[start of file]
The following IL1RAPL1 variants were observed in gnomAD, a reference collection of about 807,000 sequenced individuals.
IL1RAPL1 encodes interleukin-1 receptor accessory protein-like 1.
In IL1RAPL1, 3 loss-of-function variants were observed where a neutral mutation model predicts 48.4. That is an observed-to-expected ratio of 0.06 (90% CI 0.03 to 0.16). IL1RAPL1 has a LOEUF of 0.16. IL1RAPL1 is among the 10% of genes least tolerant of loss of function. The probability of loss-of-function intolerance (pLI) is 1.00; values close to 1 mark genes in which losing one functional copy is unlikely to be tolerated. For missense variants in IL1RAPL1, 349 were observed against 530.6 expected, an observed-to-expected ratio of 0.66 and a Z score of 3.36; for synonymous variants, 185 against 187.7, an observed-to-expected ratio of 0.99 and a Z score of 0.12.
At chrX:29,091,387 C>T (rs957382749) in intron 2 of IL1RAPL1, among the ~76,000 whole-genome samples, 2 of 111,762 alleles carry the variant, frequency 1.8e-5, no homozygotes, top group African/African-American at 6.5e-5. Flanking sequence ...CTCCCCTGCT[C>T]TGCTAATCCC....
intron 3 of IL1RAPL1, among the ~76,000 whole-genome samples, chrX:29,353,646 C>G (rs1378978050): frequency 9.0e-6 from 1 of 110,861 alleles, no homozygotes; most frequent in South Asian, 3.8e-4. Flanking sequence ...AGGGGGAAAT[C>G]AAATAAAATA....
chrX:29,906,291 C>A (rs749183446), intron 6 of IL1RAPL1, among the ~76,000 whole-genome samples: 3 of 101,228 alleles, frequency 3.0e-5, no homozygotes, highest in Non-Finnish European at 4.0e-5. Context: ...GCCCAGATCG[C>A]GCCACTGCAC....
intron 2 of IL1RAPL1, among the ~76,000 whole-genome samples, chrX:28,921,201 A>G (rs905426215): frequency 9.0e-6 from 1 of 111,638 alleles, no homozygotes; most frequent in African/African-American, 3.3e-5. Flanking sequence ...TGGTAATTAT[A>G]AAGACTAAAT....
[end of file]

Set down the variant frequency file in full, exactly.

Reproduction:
The following IL1RAPL1 variants were observed in gnomAD, a reference collection of about 807,000 sequenced individuals.
IL1RAPL1 encodes interleukin-1 receptor accessory protein-like 1.
In IL1RAPL1, 3 loss-of-function variants were observed where a neutral mutation model predicts 48.4. That is an observed-to-expected ratio of 0.06 (90% CI 0.03 to 0.16). IL1RAPL1 has a LOEUF of 0.16. IL1RAPL1 is among the 10% of genes least tolerant of loss of function. The probability of loss-of-function intolerance (pLI) is 1.00; values close to 1 mark genes in which losing one functional copy is unlikely to be tolerated. For missense variants in IL1RAPL1, 349 were observed against 530.6 expected, an observed-to-expected ratio of 0.66 and a Z score of 3.36; for synonymous variants, 185 against 187.7, an observed-to-expected ratio of 0.99 and a Z score of 0.12.
At chrX:29,091,387 C>T (rs957382749) in intron 2 of IL1RAPL1, among the ~76,000 whole-genome samples, 2 of 111,762 alleles carry the variant, frequency 1.8e-5, no homozygotes, top group African/African-American at 6.5e-5. Flanking sequence ...CTCCCCTGCT[C>T]TGCTAATCCC....
intron 3 of IL1RAPL1, among the ~76,000 whole-genome samples, chrX:29,353,646 C>G (rs1378978050): frequency 9.0e-6 from 1 of 110,861 alleles, no homozygotes; most frequent in South Asian, 3.8e-4. Flanking sequence ...AGGGGGAAAT[C>G]AAATAAAATA....
chrX:29,906,291 C>A (rs749183446), intron 6 of IL1RAPL1, among the ~76,000 whole-genome samples: 3 of 101,228 alleles, frequency 3.0e-5, no homozygotes, highest in Non-Finnish European at 4.0e-5. Context: ...GCCCAGATCG[C>A]GCCACTGCAC....
intron 2 of IL1RAPL1, among the ~76,000 whole-genome samples, chrX:28,921,201 A>G (rs905426215): frequency 9.0e-6 from 1 of 111,638 alleles, no homozygotes; most frequent in African/African-American, 3.3e-5. Flanking sequence ...TGGTAATTAT[A>G]AAGACTAAAT....